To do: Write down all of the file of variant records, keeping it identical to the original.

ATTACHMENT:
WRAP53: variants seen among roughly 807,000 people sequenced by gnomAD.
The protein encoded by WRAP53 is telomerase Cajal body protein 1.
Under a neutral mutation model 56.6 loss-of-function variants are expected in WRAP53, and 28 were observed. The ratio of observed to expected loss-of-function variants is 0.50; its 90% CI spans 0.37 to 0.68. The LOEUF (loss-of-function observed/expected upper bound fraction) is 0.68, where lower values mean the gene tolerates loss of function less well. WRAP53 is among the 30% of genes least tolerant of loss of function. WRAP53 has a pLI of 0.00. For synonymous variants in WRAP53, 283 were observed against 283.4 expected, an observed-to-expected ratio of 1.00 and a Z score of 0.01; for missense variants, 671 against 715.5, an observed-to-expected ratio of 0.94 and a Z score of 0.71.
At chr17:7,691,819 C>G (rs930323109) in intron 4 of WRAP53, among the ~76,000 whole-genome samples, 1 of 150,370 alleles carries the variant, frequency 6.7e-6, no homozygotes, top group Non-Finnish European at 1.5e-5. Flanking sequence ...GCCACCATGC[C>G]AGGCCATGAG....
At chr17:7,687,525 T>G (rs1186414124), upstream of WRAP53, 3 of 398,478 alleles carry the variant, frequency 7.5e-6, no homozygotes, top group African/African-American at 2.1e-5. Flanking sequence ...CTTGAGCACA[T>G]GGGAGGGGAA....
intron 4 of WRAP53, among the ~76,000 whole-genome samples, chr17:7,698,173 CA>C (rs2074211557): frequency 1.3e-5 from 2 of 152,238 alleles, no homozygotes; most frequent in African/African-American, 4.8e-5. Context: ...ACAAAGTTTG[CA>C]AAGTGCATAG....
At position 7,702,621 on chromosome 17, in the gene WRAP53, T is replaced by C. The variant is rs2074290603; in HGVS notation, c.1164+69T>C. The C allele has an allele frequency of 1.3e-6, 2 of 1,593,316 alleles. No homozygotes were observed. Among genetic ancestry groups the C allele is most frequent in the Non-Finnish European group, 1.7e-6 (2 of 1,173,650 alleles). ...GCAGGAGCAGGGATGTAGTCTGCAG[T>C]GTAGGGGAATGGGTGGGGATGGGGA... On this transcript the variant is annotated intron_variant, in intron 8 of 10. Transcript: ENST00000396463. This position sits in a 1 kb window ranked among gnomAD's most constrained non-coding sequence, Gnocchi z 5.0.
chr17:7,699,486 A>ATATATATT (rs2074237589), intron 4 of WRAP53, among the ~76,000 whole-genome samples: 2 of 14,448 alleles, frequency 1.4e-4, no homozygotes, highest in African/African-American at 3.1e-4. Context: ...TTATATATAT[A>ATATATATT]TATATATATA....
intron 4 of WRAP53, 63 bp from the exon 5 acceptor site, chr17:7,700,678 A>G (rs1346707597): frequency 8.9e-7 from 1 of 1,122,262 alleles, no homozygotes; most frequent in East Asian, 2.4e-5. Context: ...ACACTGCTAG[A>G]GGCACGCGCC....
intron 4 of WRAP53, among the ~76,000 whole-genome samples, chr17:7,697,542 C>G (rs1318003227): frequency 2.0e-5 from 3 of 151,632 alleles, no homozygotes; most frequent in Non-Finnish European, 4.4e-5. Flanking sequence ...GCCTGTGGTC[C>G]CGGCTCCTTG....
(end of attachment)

WRAP53: variants seen among roughly 807,000 people sequenced by gnomAD.
The protein encoded by WRAP53 is telomerase Cajal body protein 1.
Under a neutral mutation model 56.6 loss-of-function variants are expected in WRAP53, and 28 were observed. The ratio of observed to expected loss-of-function variants is 0.50; its 90% CI spans 0.37 to 0.68. The LOEUF (loss-of-function observed/expected upper bound fraction) is 0.68, where lower values mean the gene tolerates loss of function less well. WRAP53 is among the 30% of genes least tolerant of loss of function. WRAP53 has a pLI of 0.00. For synonymous variants in WRAP53, 283 were observed against 283.4 expected, an observed-to-expected ratio of 1.00 and a Z score of 0.01; for missense variants, 671 against 715.5, an observed-to-expected ratio of 0.94 and a Z score of 0.71.
At chr17:7,691,819 C>G (rs930323109) in intron 4 of WRAP53, among the ~76,000 whole-genome samples, 1 of 150,370 alleles carries the variant, frequency 6.7e-6, no homozygotes, top group Non-Finnish European at 1.5e-5. Flanking sequence ...GCCACCATGC[C>G]AGGCCATGAG....
At chr17:7,687,525 T>G (rs1186414124), upstream of WRAP53, 3 of 398,478 alleles carry the variant, frequency 7.5e-6, no homozygotes, top group African/African-American at 2.1e-5. Flanking sequence ...CTTGAGCACA[T>G]GGGAGGGGAA....
intron 4 of WRAP53, among the ~76,000 whole-genome samples, chr17:7,698,173 CA>C (rs2074211557): frequency 1.3e-5 from 2 of 152,238 alleles, no homozygotes; most frequent in African/African-American, 4.8e-5. Context: ...ACAAAGTTTG[CA>C]AAGTGCATAG....
At position 7,702,621 on chromosome 17, in the gene WRAP53, T is replaced by C. The variant is rs2074290603; in HGVS notation, c.1164+69T>C. The C allele has an allele frequency of 1.3e-6, 2 of 1,593,316 alleles. No homozygotes were observed. Among genetic ancestry groups the C allele is most frequent in the Non-Finnish European group, 1.7e-6 (2 of 1,173,650 alleles). ...GCAGGAGCAGGGATGTAGTCTGCAG[T>C]GTAGGGGAATGGGTGGGGATGGGGA... On this transcript the variant is annotated intron_variant, in intron 8 of 10. Transcript: ENST00000396463. This position sits in a 1 kb window ranked among gnomAD's most constrained non-coding sequence, Gnocchi z 5.0.
chr17:7,699,486 A>ATATATATT (rs2074237589), intron 4 of WRAP53, among the ~76,000 whole-genome samples: 2 of 14,448 alleles, frequency 1.4e-4, no homozygotes, highest in African/African-American at 3.1e-4. Context: ...TTATATATAT[A>ATATATATT]TATATATATA....
intron 4 of WRAP53, 63 bp from the exon 5 acceptor site, chr17:7,700,678 A>G (rs1346707597): frequency 8.9e-7 from 1 of 1,122,262 alleles, no homozygotes; most frequent in East Asian, 2.4e-5. Context: ...ACACTGCTAG[A>G]GGCACGCGCC....
intron 4 of WRAP53, among the ~76,000 whole-genome samples, chr17:7,697,542 C>G (rs1318003227): frequency 2.0e-5 from 3 of 151,632 alleles, no homozygotes; most frequent in Non-Finnish European, 4.4e-5. Flanking sequence ...GCCTGTGGTC[C>G]CGGCTCCTTG....